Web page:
Several times here over the years, we have discussed whether or not college is worth it. The perspective from which we looked at the value of a college education has always been pre-college, for the interest of high school students and parents who are wondering about their return on the sometimes unreasonable investment (cost) of higher education.
What I’d like to discuss today, however, are some viewpoints of those who have already graduated from college and entered the “real” word. What are their (and their parents’) views about college’s worth? Before getting into actual quotes from that group, let’s take a moment to review some brief highlights from my past posts about the value of a college degree.
From 2009: “In the preface of their book, Funding a College Education: Finding the Right School for Your Child and the Right Fit for Your Budget, authors Alice Drum and Richard Kneedler say:
‘. . . a college degree does not depreciate. In fact, the college degree is increasingly the sine qua non of successful American life. Recent U.S. Census Bureau data confirm that holders of bachelors degrees have lifetime earnings nearly twice those of high school grads, and that holders of graduate and professional degrees do even better. There are also strong indicators that those who have benefited from higher education feel happier, are more fulfilled, and make greater contributions to our society.’ …
“… The possession of a college degree implies that the holder has endured a rigorous set of requirements and has managed to satisfy them. Most have “learned how to learn” thanks to a core curriculum that has imparted an appreciation for both the practical and finer things in life. College graduates are more interesting personalities, because they have more knowledge of life.
Is college really worth it? Of course it is.”
From 2011: “That’s a question [Is College Worth It?] many parents are asking themselves when faced with the likelihood that they will be entering into a much deeper world of sacrifice and debt when the Ivy gates open wide for their son or daughter. I’ve written before here about the rising tsunami of student debt. It’s a fact, not speculation. Beginning one’s working life saddled with a huge, long-term financial burden is not a desirable option. Thus, the title of this post.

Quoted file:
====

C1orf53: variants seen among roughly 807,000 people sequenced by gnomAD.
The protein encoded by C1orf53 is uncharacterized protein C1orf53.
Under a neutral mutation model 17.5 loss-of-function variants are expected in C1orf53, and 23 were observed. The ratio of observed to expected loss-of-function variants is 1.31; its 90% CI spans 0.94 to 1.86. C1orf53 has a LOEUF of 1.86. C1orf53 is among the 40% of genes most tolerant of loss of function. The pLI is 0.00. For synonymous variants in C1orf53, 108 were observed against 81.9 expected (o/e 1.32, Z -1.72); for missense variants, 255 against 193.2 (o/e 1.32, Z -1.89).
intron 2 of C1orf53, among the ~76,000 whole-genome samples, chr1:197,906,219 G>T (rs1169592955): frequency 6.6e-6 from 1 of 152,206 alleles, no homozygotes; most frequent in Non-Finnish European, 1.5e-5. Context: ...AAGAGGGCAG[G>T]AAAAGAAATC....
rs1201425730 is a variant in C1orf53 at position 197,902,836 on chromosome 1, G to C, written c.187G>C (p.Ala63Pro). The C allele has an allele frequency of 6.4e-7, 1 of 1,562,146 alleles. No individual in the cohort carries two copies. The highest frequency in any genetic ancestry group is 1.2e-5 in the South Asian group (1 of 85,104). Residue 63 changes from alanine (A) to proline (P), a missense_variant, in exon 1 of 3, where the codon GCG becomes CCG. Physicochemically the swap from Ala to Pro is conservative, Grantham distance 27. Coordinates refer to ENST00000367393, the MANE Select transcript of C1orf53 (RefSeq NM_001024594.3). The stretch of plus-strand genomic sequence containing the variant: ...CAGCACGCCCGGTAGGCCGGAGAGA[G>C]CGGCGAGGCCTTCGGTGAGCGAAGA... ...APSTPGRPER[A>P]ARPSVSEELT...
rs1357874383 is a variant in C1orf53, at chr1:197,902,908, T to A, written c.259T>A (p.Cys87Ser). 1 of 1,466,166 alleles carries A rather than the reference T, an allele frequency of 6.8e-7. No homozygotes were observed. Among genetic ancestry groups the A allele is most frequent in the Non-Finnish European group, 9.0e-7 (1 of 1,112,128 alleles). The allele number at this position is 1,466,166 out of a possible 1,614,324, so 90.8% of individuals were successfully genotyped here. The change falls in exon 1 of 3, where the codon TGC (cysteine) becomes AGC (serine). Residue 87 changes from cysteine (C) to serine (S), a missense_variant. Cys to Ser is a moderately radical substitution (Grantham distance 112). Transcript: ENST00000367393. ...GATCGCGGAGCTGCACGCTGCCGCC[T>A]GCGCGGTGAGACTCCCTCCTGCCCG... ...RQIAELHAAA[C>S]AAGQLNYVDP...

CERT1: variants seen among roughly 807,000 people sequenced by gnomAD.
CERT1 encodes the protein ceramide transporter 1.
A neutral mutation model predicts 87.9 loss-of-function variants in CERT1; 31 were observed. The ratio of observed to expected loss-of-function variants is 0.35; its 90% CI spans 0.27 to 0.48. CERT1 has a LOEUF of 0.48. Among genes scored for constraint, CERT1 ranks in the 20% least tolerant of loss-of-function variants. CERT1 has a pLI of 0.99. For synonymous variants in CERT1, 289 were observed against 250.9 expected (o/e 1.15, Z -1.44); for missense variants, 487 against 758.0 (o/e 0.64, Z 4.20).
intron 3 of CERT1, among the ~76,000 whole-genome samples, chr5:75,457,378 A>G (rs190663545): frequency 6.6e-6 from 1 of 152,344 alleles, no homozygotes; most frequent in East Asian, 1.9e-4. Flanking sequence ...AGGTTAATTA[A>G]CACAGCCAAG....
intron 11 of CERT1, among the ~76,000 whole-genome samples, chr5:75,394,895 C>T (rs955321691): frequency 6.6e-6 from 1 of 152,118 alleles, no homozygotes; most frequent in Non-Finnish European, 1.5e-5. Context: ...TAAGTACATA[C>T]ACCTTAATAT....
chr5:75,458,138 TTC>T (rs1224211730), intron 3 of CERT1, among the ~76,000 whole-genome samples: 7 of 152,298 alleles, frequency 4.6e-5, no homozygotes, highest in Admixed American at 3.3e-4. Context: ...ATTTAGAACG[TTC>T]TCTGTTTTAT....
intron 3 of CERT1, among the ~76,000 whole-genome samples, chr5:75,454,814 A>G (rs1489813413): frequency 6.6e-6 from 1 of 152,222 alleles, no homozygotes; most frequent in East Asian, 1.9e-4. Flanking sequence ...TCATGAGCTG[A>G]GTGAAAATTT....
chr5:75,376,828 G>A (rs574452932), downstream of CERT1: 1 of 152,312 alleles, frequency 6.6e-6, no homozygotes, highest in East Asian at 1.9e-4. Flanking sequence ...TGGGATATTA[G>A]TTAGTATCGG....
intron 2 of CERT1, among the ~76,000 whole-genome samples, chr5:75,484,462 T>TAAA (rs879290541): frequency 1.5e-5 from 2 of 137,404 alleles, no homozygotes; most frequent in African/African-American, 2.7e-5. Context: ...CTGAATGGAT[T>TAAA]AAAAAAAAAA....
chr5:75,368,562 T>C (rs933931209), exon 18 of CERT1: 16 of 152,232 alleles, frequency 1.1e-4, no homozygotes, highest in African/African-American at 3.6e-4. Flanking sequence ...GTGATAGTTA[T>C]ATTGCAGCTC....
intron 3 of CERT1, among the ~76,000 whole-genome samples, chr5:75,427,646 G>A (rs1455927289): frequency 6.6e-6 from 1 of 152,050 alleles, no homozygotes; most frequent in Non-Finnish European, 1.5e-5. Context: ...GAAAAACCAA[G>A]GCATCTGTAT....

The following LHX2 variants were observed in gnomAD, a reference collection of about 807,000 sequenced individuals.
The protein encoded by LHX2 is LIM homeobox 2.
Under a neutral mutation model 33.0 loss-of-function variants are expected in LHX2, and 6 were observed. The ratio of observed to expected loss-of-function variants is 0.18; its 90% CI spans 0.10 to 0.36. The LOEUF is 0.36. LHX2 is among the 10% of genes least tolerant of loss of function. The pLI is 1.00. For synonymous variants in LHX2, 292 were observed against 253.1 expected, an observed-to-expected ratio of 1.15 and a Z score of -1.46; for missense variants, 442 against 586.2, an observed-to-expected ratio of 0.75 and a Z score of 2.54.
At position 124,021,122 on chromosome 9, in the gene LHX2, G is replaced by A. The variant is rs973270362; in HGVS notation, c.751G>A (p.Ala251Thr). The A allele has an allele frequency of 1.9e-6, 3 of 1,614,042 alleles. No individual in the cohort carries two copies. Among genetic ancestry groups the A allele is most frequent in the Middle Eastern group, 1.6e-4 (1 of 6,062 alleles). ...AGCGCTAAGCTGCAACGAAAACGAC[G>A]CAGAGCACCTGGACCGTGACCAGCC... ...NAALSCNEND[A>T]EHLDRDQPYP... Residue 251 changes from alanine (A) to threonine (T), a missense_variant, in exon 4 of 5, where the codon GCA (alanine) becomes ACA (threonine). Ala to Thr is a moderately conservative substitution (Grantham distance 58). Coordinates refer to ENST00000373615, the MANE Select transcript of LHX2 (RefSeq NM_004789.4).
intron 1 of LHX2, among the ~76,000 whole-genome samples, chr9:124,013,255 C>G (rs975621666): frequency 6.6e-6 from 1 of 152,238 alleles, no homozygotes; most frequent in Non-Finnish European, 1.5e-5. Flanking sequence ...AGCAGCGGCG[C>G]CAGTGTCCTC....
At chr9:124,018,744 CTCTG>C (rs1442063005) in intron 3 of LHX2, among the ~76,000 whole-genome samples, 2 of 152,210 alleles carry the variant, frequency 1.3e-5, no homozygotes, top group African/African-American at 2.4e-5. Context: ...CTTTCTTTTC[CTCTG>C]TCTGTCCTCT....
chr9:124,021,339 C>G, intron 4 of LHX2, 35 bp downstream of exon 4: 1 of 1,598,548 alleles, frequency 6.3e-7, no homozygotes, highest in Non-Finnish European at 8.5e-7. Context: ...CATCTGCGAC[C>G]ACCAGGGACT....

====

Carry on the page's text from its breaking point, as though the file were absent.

The Washington Post‘s Jenna Johnson has called our attention to a new survey by the Pew Research Center that targets this very topic. Johnson notes, ‘It’s an argument that keeps popping up, especially as budget cuts and economic conditions push many students and their families to question whether they are getting what they have paid for (or will pay for in the years after graduation).
‘[S]ince the early 1990s, colleges have been reinventing themselves using a business model, transforming themselves into Diplomas Inc., run by a new breed of college administrator more interested in retaining customers than educating students,’ education reporter Craig Brandon wrote in his recent book, The Five-Year Party.’ …
“The recent economic downturn has generated some prickly fallout, especially in the world of college admissions planning. One of the more interesting (and confusing) areas of debate comes from the “Is college really worth it?” crowd. Of course, we can easily find examples of men and women who have not graduated from college and who have made a considerable mark on the world, both financially and achievement-wise. One of the most notable examples of that is Bill Gates of Microsoft fame. If you’re looking for specific examples and want what could be the world’s most exhaustive list of people who have made it “big” without that college diploma, look no further than The College Dropouts Hall of Fame. The list there is mind-boggling …
“In researching this topic, I found a recent article that raises some excellent points about the college ROI (return on investment) for certain creative types, in light of the skyrocketing college costs of today. Donna Fenn writes in BNet, ‘Last week, Peter Thiel, a co-founder of PayPal and an early investor in Facebook, announced that his foundation had just chosen its first class of “20 Under 20 Thiel Fellows.” It’s a group of wiz kids that will receive $100,000 each over two years to pursue their entrepreneurial ventures, all of which are in the science and technology fields. Sadly, only two of the awardees are young women, but that’s another subject for another post. What has the media buzzing is Thiel’s requirement that his fellows either forgo or drop out of college.’ …”
As you can see, there are two very distinct sides to the college-value coin. It appears that the the “It’s definitely worth it!” crowd significantly outnumbers the “You don’t need it to be successful” contingent. Obviously, this debate will continue for years to come. That’s why I found a recent thread on the College Confidential discussion forum so interesting. The title pretty much covers it all: Your kids’ first job out of college–where are they now? Was their college worth it?